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Iowa anti-abortion groups, lawmakers announce bill to ban all abortions

Anti-abortion activists held a prayer walk in Des Moines in July 2022.
Madeleine King
Iowa anti-abortion groups and some Republican lawmakers are starting the push for a “life at conception” bill.

Iowa anti-abortion groups and some Republican lawmakers are starting the push for a “life at conception” bill that would ban all abortion in Iowa.

Maggie DeWitte, who heads the Coalition of Pro-Life Leaders, announced the effort Monday at a Prayer for Life anti-abortion rally at the Statehouse. She said while they’re waiting for a court decision on Iowa’s “fetal heartbeat” law, anti-abortion groups believe it’s the right time to start pushing for more restrictions.

“Even if we win the appeal and get heartbeat, the pro-life community and Iowans are not going to stop at heartbeat,” DeWitte said. “We’re not going to stop until we’ve eliminated abortion, which means a life at conception bill.”

Rep. Luana Stoltenberg, R-Davenport, is one of the bill’s sponsors. She said abortion is not a good option for Iowa women, and it should be eliminated from the state.

“My prayer is that Iowa will pass a life at conception bill to protect our most vulnerable and defenseless citizens, and our women and children,” Stoltenberg said.

Stoltenberg and a small group of Republican lawmakers already introduced a bill thatwould ban medication abortions. It’s not clear how much traction either of these bills will get at the statehouse.

Abortion is currently legal in Iowa up to 20 weeks of pregnancy.

“Abortion bans take away people’s power over their lives and their futures, and gives control to politicians and judges,” said Mazie Stilwell, director of public affairs for Planned Parenthood Advocates of Iowa. “Gov. Reynolds or any legislator should not be in the exam room with a patient and doctor to decide what medical care is best for them.”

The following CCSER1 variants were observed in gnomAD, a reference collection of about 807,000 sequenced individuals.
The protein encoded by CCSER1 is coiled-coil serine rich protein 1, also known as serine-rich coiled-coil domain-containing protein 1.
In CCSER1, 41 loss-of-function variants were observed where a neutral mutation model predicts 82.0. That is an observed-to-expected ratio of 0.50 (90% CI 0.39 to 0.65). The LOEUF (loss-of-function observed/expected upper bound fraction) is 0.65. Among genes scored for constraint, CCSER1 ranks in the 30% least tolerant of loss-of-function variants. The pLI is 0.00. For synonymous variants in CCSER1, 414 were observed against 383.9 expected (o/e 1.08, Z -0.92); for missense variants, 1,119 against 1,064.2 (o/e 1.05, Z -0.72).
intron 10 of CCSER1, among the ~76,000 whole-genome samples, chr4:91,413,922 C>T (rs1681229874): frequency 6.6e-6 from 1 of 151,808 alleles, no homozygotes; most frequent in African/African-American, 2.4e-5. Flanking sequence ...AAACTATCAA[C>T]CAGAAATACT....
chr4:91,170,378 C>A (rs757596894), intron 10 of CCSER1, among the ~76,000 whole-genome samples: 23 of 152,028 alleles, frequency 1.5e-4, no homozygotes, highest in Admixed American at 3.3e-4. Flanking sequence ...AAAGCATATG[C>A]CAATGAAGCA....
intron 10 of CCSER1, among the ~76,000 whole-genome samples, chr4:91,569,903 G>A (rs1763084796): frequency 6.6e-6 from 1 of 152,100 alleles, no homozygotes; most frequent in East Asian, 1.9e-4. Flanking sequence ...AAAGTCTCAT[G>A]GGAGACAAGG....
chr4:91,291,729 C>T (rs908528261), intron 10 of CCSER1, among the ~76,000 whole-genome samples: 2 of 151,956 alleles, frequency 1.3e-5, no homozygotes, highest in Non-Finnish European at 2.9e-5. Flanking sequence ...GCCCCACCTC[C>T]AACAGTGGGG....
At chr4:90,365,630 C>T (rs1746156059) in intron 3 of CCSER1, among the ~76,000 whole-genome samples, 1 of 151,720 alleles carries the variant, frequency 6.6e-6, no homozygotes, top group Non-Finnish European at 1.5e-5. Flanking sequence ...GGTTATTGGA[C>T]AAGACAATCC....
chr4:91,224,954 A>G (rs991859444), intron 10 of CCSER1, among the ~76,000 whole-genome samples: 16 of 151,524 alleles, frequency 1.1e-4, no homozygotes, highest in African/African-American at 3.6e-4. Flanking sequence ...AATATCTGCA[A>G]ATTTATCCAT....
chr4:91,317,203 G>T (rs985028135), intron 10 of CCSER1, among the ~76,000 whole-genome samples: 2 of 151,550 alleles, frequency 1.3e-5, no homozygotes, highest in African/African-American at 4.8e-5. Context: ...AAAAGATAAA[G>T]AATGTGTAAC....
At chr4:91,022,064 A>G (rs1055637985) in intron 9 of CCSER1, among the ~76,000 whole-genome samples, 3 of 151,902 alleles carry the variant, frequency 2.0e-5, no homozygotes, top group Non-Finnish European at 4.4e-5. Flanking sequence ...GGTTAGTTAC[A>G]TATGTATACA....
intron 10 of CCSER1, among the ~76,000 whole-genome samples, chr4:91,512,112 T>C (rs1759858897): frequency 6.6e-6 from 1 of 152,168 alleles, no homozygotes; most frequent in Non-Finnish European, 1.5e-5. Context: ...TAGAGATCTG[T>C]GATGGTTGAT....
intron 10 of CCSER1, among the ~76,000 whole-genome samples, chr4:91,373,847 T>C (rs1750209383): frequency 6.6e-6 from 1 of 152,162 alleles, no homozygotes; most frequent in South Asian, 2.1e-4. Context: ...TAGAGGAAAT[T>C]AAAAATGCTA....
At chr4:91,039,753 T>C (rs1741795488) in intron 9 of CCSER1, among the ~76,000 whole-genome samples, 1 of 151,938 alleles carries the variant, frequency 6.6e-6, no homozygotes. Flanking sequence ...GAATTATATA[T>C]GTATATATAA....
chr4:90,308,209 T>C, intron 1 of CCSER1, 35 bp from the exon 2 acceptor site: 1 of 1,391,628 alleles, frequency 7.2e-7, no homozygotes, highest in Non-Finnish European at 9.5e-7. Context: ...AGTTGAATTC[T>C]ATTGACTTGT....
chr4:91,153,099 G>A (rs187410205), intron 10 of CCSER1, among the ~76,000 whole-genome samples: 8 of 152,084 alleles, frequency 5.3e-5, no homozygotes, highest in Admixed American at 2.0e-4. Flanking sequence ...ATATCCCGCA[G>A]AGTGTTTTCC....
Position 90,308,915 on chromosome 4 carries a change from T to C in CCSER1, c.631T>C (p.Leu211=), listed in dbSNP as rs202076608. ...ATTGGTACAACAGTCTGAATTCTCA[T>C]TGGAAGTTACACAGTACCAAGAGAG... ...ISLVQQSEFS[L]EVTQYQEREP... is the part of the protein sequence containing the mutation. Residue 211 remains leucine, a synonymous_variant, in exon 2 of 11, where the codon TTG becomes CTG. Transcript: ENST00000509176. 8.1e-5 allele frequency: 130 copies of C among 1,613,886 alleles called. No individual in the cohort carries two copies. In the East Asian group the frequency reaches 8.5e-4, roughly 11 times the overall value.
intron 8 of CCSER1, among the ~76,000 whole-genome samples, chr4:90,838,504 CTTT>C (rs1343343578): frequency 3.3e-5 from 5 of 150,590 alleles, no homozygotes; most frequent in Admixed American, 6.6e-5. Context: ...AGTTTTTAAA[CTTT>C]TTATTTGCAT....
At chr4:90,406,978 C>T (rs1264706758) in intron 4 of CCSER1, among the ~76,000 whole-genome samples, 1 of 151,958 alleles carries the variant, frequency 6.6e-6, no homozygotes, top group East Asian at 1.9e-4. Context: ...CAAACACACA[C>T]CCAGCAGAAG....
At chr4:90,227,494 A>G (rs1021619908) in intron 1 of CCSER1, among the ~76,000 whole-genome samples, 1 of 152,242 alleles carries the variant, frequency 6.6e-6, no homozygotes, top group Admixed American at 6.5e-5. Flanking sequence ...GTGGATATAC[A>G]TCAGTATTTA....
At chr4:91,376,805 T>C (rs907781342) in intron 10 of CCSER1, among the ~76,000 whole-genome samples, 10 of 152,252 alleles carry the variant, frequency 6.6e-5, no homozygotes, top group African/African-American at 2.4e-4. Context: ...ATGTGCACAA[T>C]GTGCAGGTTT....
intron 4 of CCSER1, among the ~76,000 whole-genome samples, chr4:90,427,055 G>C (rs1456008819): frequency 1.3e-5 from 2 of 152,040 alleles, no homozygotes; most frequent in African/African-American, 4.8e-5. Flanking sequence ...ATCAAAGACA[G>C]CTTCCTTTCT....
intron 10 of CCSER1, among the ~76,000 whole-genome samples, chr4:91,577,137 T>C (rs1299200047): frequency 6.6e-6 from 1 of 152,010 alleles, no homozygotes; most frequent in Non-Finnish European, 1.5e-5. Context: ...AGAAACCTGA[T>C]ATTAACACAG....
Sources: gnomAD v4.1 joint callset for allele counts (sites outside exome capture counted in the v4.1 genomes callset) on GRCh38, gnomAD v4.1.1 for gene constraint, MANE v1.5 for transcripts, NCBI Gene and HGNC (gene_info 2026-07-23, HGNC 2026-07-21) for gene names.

It’s still not known how far lawmakers will be able to go in banning abortion as the Iowa Supreme Court prepares to reconsider the level of protection that abortion rights should have in the state.

Republican Gov. Kim Reynolds is asking the Court to reinstate her ban on abortionsafter cardiac activity is detected, with some exceptions. That can be as early as six weeks of pregnancy. The Iowa Supreme Court is expected to hear oral arguments in the case in April, and would likely issue a ruling by the end of June.

That ruling could reinstate the “fetal heartbeat” law, and it could expand lawmakers’ ability to further restrict abortion. Republican leaders in the Iowa Legislature have saidthey want to wait for that ruling before taking action.

House Minority Leader Jennifer Konfrst, D-Windsor Heights, said Iowans support reproductive freedom.

“Politicians have no place interfering in someone else’s decisions about when to start a family,” she said in a statement. “The latest plan by MAGA Republicans to ban all abortion without exception will put the lives of too many Iowans at risk.”

Konfrst said Democrats want to guarantee abortion rights in the Iowa Constitution.

Reynolds and Republican Attorney General Brenna Bird also spoke at the anti-abortion event Monday. They told attendees they’re fighting in court to get the “fetal heartbeat” law reinstated, but they didn’t say if they would support a bill to ban all abortions.

Reynolds said keeping the focus on the “fetal heartbeat” bill doesn’t mean doing nothing.

“As we enter a post-Roe world, it’s up to us to show what it means to be a pro-life state,” Reynolds said. “It’s up to us to not just dismantle abortion’s culture of death, but to build a culture of life.”

She touted her proposals to increase funding for anti-abortion pregnancy resource centers and to create grants to promote fathers’ involvement in parenting.

Bird said she was thankful to sign on to defend the “fetal heartbeat” law when she entered office, after her Democratic predecessor refused to defend it in court. She also mentioned that she signed a letter with other Republican attorneys general warning pharmacies of potential legal consequences for mailing abortion pills.

“As long as I’m attorney general, I will work hard and fight to protect the right to life,” Bird said.

Katarina Sostaric is IPR's State Government Reporter